David Alan Basche
It was bound to happen one of these days: Hollywood would start makingtheatrical films based on the events of September 11, 2001. Among them areOliver Stone’s World Trade Center, due to be released in August of2006, and Mike Binder’s Empty City, a drama starring Adam Sandler (!)about a husband who loses his wife in the WTC attacks, also due out thisyear. First out of the gate, however, is director Paul Greengrass’ United 93, adocudrama that takes a no-holds barred look at the events that took place onthe one hijacked plane that failed to meet its objective.
United Airlines Flight 93, a 757 with 40 passengers and flight crew onboard, was the fourth and final hijacked flight to take off that dark day.This film recreates the flight in real-time, from the delayed takeoff to thehijacking to the realization by those onboard that their plane was part of amuch bigger operation (they found out about the World Trade Center andPentagon attacks via cell and airline phones) and then to the final momentswhen, realizing the fate that awaited them, the passengers united andovertook the hijackers in a valiant attempt to reclaim the plane.
When I had first heard about both United 93 and World TradeCenter being in production, I felt both nauseous and pissed off (but notsurprised). Turning 9/11 into a night out at the cinema was stomach-churningenough, but an even bigger ill-inducing element was how they would go aboutdoing it. It doesn’t take too much of an imagination to see these horrificevents become some sort of jingoistic, manipulative melodrama you’d expect aChuck Norris, Harrison Ford type starring in, complete with aHollywood-conjured ending where one man would save the day and defeat theterrorists. And yes, I also found myself asking the two questions many havealso voiced over and over and probably continue to do so until the next filmor two is released this year: Is it indeed too soon, and more importantly,what is the point to making these films?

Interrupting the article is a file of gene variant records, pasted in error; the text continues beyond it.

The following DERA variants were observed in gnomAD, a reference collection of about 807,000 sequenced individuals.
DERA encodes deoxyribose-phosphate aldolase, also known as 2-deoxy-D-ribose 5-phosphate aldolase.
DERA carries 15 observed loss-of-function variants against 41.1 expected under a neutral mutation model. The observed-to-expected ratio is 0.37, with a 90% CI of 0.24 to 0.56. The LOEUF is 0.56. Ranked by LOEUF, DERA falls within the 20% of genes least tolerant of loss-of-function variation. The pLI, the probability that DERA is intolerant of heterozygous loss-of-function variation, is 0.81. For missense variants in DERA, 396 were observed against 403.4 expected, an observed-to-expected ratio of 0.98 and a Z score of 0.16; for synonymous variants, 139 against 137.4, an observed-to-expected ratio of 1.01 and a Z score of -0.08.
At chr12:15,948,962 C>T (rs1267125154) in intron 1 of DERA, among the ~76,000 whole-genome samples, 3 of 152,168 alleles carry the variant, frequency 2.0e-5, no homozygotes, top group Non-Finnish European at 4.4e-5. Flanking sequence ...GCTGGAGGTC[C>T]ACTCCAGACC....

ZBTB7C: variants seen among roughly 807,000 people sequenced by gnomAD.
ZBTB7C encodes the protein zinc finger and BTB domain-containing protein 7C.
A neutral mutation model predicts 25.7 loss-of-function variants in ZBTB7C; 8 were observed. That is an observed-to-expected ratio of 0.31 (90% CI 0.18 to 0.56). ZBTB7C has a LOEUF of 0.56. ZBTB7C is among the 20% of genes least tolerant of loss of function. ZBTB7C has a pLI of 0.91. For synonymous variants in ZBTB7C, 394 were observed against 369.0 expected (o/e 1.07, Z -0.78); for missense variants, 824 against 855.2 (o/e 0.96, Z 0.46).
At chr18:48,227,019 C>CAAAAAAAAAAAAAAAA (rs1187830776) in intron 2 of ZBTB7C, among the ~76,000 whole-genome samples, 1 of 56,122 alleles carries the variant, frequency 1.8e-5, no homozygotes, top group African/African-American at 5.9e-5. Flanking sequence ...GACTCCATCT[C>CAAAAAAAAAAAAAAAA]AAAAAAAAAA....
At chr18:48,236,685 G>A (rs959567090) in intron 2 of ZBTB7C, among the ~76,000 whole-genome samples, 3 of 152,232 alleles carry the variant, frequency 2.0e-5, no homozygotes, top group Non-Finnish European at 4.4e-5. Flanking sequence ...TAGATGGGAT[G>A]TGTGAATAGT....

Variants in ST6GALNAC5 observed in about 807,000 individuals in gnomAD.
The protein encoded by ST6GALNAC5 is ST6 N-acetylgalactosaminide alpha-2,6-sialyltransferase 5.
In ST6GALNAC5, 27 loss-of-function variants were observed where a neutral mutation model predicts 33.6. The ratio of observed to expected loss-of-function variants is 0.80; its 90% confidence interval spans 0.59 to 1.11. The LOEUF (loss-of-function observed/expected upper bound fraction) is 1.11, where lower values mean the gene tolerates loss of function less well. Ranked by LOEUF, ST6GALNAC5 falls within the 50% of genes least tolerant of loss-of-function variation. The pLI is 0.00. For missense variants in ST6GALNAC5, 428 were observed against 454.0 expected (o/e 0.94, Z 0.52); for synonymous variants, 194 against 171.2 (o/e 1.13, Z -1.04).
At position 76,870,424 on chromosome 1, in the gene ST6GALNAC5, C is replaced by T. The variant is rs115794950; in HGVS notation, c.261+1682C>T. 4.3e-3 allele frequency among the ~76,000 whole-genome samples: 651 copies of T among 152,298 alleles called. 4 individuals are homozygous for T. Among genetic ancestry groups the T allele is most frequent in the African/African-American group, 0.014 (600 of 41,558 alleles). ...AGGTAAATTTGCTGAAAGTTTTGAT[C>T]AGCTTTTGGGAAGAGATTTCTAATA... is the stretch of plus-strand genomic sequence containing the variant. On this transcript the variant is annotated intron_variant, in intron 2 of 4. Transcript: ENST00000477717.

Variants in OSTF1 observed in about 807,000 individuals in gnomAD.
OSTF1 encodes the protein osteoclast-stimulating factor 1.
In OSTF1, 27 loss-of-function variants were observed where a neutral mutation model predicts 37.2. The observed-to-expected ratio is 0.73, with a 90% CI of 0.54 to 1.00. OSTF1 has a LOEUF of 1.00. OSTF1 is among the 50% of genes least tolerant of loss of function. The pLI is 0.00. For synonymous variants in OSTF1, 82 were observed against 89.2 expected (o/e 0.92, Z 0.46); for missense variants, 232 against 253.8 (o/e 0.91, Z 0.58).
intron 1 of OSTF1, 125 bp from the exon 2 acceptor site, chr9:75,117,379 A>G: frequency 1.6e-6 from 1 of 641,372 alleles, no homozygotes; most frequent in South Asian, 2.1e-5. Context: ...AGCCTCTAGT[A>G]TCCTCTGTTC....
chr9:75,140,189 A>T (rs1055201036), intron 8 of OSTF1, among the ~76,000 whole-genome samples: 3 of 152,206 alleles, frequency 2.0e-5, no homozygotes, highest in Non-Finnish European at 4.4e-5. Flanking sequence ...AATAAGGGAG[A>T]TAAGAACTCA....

Well, I can’t speak for Stone or Binder’s films since neither have beenfinished nor released (although after Alexander, I really am dreadingWorld Trade Center for reasons other than subject matter), but I cantalk about United 93. After sitting in the theater for what may verywell be approximately 100 of the most intense, brutal and stunning momentsof my adult film-going life, it is safe to say United 93 was not what I hadexpected, or was dreading. Free of manipulation, melodrama, exploitation andany other affectation Hollywood usually bestows, United 93 arrives asthe first truly great movie of 2006. And, in answering one of theaforementioned questions, it is not a moment too soon.
To begin with, I doubt you could have found a better person to handlethis project than writer/director Paul Greengrass. After doing exhaustiveresearch that included the 9/11 Commission Report, actual cockpit recordingsand the participation of the family members of the Flight 93 crew andpassengers, Greengrass employs the same style of pseudo-documentaryfilmmaking to this film that he did to his great 2002 drama, BloodySunday.
That even-handed (Fear not: the terrorists are still the badguys), guerrilla technique effectively puts the viewer right in the middleof the day’s events. By using a cast of largely unknown actors and real-lifeindividuals who were working in the air traffic and military control centersthat day and with the expert technical assistance of cinematographer BarryAckroyd, Editors Clare Douglas and Christopher Rouse and composer JohnPowell, Greengrass realistically conveys the chaos, confusion, unity andheroism of the fateful day.
This September will mark the fifth anniversary of 9/11. As the events ofthat horrific day begin to recede into history, an aura of complacencypermeates our society today, despite the continuing war on terrorism, theconstant global threat posed by Al Qaeda, and increasing focus and scrutinyby the media.
The point of United 93‘s existence is twofold: to serve as atribute to those innocents who perished on that day, and to serve as a harshreminder of what we are up against and what could easily happen again. Givenits intensity and level of brutal realism, the film is not for everyone (itwas almost too much for me at times), but for those who are willing toexperience it, they will discover a gut-wrenching, emotionally devastatingmasterpiece that will be cathartic for some, unbearable for the rest andnecessary for all.